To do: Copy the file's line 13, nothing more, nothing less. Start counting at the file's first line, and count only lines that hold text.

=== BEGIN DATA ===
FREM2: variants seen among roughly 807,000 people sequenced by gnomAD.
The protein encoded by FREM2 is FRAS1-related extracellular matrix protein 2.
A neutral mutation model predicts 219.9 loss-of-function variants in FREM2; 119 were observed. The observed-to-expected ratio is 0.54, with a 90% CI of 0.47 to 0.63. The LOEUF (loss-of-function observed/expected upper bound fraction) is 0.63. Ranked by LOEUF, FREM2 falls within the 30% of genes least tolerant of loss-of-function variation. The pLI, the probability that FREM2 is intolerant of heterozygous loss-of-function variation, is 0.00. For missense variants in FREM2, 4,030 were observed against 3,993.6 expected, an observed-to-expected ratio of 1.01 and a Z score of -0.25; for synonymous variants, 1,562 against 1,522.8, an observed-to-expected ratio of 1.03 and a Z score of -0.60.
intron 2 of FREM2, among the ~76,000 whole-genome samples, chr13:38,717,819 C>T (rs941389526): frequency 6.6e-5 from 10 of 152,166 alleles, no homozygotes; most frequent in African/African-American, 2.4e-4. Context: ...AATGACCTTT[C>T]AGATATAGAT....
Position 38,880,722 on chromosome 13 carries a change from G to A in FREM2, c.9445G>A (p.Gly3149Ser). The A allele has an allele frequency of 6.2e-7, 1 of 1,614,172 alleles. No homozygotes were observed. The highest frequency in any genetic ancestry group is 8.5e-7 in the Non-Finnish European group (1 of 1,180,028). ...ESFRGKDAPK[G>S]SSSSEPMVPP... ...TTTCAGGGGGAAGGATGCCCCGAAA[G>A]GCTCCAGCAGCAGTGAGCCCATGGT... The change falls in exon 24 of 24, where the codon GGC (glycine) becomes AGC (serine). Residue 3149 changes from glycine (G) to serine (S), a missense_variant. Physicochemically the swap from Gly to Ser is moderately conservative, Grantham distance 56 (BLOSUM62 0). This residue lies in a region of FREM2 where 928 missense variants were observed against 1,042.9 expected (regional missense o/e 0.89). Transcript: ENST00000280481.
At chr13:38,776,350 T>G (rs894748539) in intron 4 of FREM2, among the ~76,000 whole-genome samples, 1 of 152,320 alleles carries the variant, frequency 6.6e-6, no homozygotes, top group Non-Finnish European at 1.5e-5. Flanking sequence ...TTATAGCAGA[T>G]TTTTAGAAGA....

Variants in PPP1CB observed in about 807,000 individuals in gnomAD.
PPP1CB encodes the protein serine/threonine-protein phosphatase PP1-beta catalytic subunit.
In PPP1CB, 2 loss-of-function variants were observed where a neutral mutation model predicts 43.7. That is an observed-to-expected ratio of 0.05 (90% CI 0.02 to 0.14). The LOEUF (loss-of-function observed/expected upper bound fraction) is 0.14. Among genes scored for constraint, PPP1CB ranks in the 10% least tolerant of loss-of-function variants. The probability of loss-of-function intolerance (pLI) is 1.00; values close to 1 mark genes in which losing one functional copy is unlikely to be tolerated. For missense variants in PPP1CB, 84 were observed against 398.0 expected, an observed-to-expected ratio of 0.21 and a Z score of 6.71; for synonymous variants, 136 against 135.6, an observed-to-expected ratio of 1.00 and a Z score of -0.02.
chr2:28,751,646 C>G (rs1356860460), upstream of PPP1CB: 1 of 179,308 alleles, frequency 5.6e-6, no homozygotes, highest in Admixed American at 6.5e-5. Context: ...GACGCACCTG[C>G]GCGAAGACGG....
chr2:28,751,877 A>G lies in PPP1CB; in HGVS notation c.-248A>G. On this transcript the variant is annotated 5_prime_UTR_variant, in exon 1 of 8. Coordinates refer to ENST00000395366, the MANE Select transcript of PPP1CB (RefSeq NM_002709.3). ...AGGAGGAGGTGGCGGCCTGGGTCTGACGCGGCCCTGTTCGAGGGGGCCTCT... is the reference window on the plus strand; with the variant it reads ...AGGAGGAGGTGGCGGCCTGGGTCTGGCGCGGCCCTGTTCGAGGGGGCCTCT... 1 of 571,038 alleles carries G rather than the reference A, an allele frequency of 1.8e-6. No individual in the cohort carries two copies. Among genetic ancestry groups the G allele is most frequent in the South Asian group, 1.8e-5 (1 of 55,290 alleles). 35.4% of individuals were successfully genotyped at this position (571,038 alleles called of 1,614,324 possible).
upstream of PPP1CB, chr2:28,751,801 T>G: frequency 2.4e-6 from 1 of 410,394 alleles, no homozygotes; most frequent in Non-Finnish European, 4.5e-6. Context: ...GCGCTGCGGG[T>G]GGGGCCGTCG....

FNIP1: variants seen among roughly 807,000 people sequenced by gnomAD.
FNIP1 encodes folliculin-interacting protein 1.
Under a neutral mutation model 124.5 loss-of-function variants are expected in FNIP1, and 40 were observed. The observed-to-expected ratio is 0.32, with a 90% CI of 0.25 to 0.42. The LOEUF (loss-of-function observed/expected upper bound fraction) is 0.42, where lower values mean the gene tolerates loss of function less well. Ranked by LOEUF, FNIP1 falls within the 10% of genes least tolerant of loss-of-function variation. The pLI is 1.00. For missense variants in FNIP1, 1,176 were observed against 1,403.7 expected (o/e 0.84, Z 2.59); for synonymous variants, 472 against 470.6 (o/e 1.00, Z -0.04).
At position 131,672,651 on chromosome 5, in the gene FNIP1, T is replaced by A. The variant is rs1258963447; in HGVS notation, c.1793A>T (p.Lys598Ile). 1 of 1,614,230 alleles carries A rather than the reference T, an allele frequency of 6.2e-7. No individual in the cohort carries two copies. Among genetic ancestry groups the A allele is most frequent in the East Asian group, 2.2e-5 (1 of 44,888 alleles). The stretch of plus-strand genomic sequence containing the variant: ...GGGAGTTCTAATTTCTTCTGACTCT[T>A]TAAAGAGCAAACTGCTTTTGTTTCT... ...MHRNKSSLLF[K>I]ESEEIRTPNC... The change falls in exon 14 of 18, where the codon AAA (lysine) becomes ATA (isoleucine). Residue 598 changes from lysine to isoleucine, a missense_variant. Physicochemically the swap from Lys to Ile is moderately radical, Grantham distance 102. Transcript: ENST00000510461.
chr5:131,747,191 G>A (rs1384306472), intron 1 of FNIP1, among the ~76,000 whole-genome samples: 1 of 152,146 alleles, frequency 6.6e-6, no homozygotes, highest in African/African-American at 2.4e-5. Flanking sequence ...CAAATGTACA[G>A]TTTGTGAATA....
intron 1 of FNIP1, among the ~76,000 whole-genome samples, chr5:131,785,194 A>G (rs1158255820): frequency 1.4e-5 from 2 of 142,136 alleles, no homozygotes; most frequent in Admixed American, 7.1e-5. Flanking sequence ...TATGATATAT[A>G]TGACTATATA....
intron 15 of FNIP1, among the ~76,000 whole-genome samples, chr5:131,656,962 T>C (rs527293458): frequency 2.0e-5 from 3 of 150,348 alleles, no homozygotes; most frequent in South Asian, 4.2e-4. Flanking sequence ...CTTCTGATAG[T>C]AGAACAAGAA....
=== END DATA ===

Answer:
FNIP1: variants seen among roughly 807,000 people sequenced by gnomAD.